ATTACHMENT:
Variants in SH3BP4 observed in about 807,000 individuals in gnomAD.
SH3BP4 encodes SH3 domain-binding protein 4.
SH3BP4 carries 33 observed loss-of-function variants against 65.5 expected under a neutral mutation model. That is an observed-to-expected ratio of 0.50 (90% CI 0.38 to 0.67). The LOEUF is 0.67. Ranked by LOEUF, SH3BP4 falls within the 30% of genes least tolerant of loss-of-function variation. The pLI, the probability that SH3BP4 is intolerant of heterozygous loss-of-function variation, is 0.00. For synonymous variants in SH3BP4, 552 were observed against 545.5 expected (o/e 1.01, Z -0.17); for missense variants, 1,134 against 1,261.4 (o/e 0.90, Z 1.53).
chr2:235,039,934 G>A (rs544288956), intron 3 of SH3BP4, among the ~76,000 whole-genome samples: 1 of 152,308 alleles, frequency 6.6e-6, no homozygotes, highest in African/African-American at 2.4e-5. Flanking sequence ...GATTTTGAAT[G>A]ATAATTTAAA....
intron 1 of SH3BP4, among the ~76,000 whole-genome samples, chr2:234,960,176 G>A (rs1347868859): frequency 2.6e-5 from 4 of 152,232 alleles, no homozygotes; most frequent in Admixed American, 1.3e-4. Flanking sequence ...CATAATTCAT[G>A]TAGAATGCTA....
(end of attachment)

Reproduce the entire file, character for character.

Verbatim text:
Variants in SH3BP4 observed in about 807,000 individuals in gnomAD.
SH3BP4 encodes SH3 domain-binding protein 4.
SH3BP4 carries 33 observed loss-of-function variants against 65.5 expected under a neutral mutation model. That is an observed-to-expected ratio of 0.50 (90% CI 0.38 to 0.67). The LOEUF is 0.67. Ranked by LOEUF, SH3BP4 falls within the 30% of genes least tolerant of loss-of-function variation. The pLI, the probability that SH3BP4 is intolerant of heterozygous loss-of-function variation, is 0.00. For synonymous variants in SH3BP4, 552 were observed against 545.5 expected (o/e 1.01, Z -0.17); for missense variants, 1,134 against 1,261.4 (o/e 0.90, Z 1.53).
chr2:235,039,934 G>A (rs544288956), intron 3 of SH3BP4, among the ~76,000 whole-genome samples: 1 of 152,308 alleles, frequency 6.6e-6, no homozygotes, highest in African/African-American at 2.4e-5. Flanking sequence ...GATTTTGAAT[G>A]ATAATTTAAA....
intron 1 of SH3BP4, among the ~76,000 whole-genome samples, chr2:234,960,176 G>A (rs1347868859): frequency 2.6e-5 from 4 of 152,232 alleles, no homozygotes; most frequent in Admixed American, 1.3e-4. Flanking sequence ...CATAATTCAT[G>A]TAGAATGCTA....